Live Show Review: Shane Smith & The Saints

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Shane Smith & The Saints brought their big Texas country sound to Nashville for the first time recently; as the band took the stage, four of the five members spanned the front showcasing mandolin, acoustic guitar, fiddle, and upright bass.  I appreciated that it was not the usual assortment of strings that I see at 99% of the shows I attend.  Not only were the instruments diverse, the crowd followed suit; the audience was speckled with well-dressed young ladies, silver-haired foxes, young bucks in cowboy boots, and bearded hipsters, all abuzz with anticipation for what was to come.  I was excited.

Smith relayed that the band has played in 20 states since July, on tour supporting their latest release, Geronimo, a 15-song stunner of an album that aggressively combines the best things about Texas country with Louisiana cajun flavor and cranked-up rock and roll.  The record’s first track, “The Mountain”, was also the opening song of the show; all of a sudden, golden four-part harmony came pouring from the stage.  I couldn’t get over how powerfully rich it sounded in a live setting, and I knew then that I needed to buckle up for this ride.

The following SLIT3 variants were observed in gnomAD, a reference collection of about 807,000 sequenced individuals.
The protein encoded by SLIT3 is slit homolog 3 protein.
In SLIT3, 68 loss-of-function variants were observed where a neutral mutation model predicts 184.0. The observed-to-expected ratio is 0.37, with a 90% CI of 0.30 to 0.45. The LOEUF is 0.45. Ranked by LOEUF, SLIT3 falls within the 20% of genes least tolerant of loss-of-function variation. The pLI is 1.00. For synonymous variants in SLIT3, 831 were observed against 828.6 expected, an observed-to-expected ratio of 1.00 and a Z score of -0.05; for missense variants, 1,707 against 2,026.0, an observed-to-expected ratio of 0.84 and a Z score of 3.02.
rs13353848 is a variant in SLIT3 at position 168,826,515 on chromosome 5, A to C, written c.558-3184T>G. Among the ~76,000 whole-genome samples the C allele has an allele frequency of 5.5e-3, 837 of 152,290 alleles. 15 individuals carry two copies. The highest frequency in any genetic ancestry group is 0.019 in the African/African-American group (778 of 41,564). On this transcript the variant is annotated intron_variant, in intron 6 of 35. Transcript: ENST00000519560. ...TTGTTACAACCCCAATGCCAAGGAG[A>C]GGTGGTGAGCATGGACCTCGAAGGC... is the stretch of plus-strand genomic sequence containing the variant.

Most of the band traded in their acoustic strings for electric ones for the next song, “Oil Town”, a total foot-stomping barn-burner of a number; the storytelling style and general grittiness of the tune reminded me of something one of my favorite Texas country heroes, Charlie Robison, would have created. Shane Smith & his Saints then began  “New Orleans”, a swamp-ominous tune that declares “It takes a lot of water to wash away New Orleans”.  That’s right.  The end of the song reached a feverish pitch, and whatever was left of the barn destroyed by “Oil Town” burned right down to the ground.

The Saints followed it up with “All I See Is You”, another stomper with some unexpected guitar shredding; “Suzannah”, a western-esque tune, showcased fiddle and electric guitar, the two instruments like voices singing together in sweet harmony.  Smith’s deep and gritty voice is unexpected and enormous;  it’s as if he pulls it from the very bottoms of his feet, swelling inside until it barrels out of him like a tidal wave.  I can’t say enough about how solid this band is, and what an amazing show they put on; don’t miss them when they come to your neighborhood.

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[These lovely photographs were taken by the incomparable Ryan Kanaly.  You can see more of his genius on display at www.ryansmallhands.com.]

Susan Hubbard

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